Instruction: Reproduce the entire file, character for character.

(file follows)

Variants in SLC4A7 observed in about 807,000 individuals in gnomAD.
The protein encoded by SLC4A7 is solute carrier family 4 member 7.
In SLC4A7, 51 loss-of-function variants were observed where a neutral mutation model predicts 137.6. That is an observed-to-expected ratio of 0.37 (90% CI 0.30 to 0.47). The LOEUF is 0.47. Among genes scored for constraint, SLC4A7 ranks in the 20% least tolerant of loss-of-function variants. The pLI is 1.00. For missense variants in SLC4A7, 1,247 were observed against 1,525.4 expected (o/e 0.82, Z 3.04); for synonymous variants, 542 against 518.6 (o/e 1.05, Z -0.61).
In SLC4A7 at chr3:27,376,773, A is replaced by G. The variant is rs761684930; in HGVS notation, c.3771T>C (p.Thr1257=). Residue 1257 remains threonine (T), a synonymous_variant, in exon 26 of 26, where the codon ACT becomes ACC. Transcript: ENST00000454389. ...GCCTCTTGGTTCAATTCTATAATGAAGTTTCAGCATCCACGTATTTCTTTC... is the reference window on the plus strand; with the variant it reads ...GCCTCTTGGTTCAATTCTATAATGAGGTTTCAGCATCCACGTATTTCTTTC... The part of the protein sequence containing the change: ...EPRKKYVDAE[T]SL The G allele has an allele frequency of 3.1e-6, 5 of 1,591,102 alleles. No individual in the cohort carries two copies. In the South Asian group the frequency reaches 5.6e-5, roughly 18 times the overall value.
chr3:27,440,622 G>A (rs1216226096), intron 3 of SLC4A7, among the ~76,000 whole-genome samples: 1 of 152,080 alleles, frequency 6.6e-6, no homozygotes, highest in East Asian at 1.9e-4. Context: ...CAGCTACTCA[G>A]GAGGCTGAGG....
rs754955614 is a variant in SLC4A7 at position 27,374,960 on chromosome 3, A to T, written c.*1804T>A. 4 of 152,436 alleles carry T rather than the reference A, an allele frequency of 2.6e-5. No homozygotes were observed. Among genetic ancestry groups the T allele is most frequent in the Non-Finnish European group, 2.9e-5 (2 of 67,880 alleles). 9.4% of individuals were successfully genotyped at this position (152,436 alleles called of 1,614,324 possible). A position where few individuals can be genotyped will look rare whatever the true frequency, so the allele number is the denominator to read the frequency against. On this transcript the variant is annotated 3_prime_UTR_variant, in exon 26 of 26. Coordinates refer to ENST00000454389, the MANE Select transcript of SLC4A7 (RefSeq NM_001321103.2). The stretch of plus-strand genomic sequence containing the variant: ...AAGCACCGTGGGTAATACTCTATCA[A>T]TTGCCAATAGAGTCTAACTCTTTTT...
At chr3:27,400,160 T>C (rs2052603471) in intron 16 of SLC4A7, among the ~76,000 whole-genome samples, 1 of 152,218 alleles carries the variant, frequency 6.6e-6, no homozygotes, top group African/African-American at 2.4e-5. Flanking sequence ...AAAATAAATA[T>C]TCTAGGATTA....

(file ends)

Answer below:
Variants in SLC4A7 observed in about 807,000 individuals in gnomAD.
The protein encoded by SLC4A7 is solute carrier family 4 member 7.
In SLC4A7, 51 loss-of-function variants were observed where a neutral mutation model predicts 137.6. That is an observed-to-expected ratio of 0.37 (90% CI 0.30 to 0.47). The LOEUF is 0.47. Among genes scored for constraint, SLC4A7 ranks in the 20% least tolerant of loss-of-function variants. The pLI is 1.00. For missense variants in SLC4A7, 1,247 were observed against 1,525.4 expected (o/e 0.82, Z 3.04); for synonymous variants, 542 against 518.6 (o/e 1.05, Z -0.61).
In SLC4A7 at chr3:27,376,773, A is replaced by G. The variant is rs761684930; in HGVS notation, c.3771T>C (p.Thr1257=). Residue 1257 remains threonine (T), a synonymous_variant, in exon 26 of 26, where the codon ACT becomes ACC. Transcript: ENST00000454389. ...GCCTCTTGGTTCAATTCTATAATGAAGTTTCAGCATCCACGTATTTCTTTC... is the reference window on the plus strand; with the variant it reads ...GCCTCTTGGTTCAATTCTATAATGAGGTTTCAGCATCCACGTATTTCTTTC... The part of the protein sequence containing the change: ...EPRKKYVDAE[T]SL The G allele has an allele frequency of 3.1e-6, 5 of 1,591,102 alleles. No individual in the cohort carries two copies. In the South Asian group the frequency reaches 5.6e-5, roughly 18 times the overall value.
chr3:27,440,622 G>A (rs1216226096), intron 3 of SLC4A7, among the ~76,000 whole-genome samples: 1 of 152,080 alleles, frequency 6.6e-6, no homozygotes, highest in East Asian at 1.9e-4. Context: ...CAGCTACTCA[G>A]GAGGCTGAGG....
rs754955614 is a variant in SLC4A7 at position 27,374,960 on chromosome 3, A to T, written c.*1804T>A. 4 of 152,436 alleles carry T rather than the reference A, an allele frequency of 2.6e-5. No homozygotes were observed. Among genetic ancestry groups the T allele is most frequent in the Non-Finnish European group, 2.9e-5 (2 of 67,880 alleles). 9.4% of individuals were successfully genotyped at this position (152,436 alleles called of 1,614,324 possible). A position where few individuals can be genotyped will look rare whatever the true frequency, so the allele number is the denominator to read the frequency against. On this transcript the variant is annotated 3_prime_UTR_variant, in exon 26 of 26. Coordinates refer to ENST00000454389, the MANE Select transcript of SLC4A7 (RefSeq NM_001321103.2). The stretch of plus-strand genomic sequence containing the variant: ...AAGCACCGTGGGTAATACTCTATCA[A>T]TTGCCAATAGAGTCTAACTCTTTTT...
At chr3:27,400,160 T>C (rs2052603471) in intron 16 of SLC4A7, among the ~76,000 whole-genome samples, 1 of 152,218 alleles carries the variant, frequency 6.6e-6, no homozygotes, top group African/African-American at 2.4e-5. Flanking sequence ...AAAATAAATA[T>C]TCTAGGATTA....